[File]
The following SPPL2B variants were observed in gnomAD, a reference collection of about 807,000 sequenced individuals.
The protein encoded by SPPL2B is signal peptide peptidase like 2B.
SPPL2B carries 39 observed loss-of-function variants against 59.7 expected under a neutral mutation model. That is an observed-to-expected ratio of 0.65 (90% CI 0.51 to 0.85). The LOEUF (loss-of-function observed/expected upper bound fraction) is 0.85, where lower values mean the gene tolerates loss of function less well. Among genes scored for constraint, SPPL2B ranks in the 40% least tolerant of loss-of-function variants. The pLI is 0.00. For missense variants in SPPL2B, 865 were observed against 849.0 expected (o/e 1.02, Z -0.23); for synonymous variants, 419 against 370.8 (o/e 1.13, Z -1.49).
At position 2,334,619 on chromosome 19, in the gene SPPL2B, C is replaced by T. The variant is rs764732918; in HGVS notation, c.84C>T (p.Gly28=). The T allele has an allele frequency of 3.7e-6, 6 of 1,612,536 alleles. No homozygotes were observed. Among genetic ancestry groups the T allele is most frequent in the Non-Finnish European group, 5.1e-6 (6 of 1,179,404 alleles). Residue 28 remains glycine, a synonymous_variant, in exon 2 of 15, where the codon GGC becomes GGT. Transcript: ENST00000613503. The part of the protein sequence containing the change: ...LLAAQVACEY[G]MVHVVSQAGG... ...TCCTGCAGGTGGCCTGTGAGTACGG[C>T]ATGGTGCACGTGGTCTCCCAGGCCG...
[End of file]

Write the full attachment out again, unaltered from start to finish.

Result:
The following SPPL2B variants were observed in gnomAD, a reference collection of about 807,000 sequenced individuals.
The protein encoded by SPPL2B is signal peptide peptidase like 2B.
SPPL2B carries 39 observed loss-of-function variants against 59.7 expected under a neutral mutation model. That is an observed-to-expected ratio of 0.65 (90% CI 0.51 to 0.85). The LOEUF (loss-of-function observed/expected upper bound fraction) is 0.85, where lower values mean the gene tolerates loss of function less well. Among genes scored for constraint, SPPL2B ranks in the 40% least tolerant of loss-of-function variants. The pLI is 0.00. For missense variants in SPPL2B, 865 were observed against 849.0 expected (o/e 1.02, Z -0.23); for synonymous variants, 419 against 370.8 (o/e 1.13, Z -1.49).
At position 2,334,619 on chromosome 19, in the gene SPPL2B, C is replaced by T. The variant is rs764732918; in HGVS notation, c.84C>T (p.Gly28=). The T allele has an allele frequency of 3.7e-6, 6 of 1,612,536 alleles. No homozygotes were observed. Among genetic ancestry groups the T allele is most frequent in the Non-Finnish European group, 5.1e-6 (6 of 1,179,404 alleles). Residue 28 remains glycine, a synonymous_variant, in exon 2 of 15, where the codon GGC becomes GGT. Transcript: ENST00000613503. The part of the protein sequence containing the change: ...LLAAQVACEY[G]MVHVVSQAGG... ...TCCTGCAGGTGGCCTGTGAGTACGG[C>T]ATGGTGCACGTGGTCTCCCAGGCCG...